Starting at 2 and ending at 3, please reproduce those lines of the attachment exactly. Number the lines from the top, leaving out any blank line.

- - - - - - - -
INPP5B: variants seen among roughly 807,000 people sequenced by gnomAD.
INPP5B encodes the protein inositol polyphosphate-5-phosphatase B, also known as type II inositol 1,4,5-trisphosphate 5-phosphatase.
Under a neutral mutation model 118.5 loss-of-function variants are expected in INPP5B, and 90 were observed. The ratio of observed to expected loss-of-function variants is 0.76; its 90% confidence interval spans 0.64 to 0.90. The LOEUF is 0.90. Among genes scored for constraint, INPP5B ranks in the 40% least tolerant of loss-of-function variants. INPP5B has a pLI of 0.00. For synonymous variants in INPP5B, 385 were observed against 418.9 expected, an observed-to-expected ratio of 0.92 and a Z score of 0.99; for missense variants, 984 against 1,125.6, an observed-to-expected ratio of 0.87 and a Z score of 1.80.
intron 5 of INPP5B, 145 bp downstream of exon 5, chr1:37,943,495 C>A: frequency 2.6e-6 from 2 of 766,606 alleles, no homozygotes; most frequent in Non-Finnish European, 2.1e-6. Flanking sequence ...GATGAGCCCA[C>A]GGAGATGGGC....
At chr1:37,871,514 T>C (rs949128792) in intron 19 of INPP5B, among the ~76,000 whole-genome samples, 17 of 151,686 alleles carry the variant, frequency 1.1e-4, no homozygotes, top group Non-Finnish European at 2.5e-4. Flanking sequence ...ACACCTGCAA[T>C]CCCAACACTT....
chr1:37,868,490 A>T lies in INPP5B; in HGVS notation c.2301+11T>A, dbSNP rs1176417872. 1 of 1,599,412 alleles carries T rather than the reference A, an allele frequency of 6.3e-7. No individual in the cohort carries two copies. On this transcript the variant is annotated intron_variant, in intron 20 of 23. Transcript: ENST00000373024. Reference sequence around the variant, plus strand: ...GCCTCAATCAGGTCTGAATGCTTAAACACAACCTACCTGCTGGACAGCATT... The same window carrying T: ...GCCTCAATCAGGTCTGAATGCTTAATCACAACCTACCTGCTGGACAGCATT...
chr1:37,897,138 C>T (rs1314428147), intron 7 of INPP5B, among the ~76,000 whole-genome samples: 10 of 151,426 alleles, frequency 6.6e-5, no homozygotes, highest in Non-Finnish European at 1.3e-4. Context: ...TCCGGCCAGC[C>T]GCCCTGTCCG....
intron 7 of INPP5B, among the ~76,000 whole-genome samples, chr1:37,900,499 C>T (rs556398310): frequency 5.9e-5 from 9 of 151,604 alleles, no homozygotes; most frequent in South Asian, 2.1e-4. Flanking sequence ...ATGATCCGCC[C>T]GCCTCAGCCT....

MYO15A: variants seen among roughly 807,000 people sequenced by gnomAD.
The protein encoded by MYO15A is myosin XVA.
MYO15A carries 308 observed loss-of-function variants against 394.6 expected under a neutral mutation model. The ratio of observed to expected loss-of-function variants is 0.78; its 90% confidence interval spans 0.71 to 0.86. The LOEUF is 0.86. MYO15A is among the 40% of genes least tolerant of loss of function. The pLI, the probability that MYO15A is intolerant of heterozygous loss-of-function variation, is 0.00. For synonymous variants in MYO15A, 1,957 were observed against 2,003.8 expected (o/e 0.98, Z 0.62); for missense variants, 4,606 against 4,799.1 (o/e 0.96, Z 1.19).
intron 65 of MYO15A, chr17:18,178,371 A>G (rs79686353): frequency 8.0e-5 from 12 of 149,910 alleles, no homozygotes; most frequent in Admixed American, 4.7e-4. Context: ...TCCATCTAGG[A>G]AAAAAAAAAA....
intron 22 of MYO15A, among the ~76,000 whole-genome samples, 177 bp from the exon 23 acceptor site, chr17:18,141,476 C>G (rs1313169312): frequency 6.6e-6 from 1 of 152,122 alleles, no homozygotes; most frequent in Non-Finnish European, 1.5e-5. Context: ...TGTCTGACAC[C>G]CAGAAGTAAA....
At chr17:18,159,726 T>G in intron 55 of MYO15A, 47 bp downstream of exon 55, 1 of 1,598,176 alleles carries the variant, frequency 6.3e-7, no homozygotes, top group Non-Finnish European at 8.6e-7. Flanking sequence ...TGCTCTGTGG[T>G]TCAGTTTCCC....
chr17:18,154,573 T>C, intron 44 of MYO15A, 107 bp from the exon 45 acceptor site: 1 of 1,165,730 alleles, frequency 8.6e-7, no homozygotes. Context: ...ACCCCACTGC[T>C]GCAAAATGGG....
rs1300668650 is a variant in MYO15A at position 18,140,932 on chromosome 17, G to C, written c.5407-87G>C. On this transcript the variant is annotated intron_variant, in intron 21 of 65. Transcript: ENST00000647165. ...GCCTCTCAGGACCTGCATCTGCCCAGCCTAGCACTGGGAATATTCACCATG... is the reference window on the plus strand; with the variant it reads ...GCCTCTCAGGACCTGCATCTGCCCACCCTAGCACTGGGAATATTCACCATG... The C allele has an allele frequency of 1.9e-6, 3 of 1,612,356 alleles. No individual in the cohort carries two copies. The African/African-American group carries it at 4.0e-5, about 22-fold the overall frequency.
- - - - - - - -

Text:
INPP5B encodes the protein inositol polyphosphate-5-phosphatase B, also known as type II inositol 1,4,5-trisphosphate 5-phosphatase.
Under a neutral mutation model 118.5 loss-of-function variants are expected in INPP5B, and 90 were observed. The ratio of observed to expected loss-of-function variants is 0.76; its 90% confidence interval spans 0.64 to 0.90. The LOEUF is 0.90. Among genes scored for constraint, INPP5B ranks in the 40% least tolerant of loss-of-function variants. INPP5B has a pLI of 0.00. For synonymous variants in INPP5B, 385 were observed against 418.9 expected, an observed-to-expected ratio of 0.92 and a Z score of 0.99; for missense variants, 984 against 1,125.6, an observed-to-expected ratio of 0.87 and a Z score of 1.80.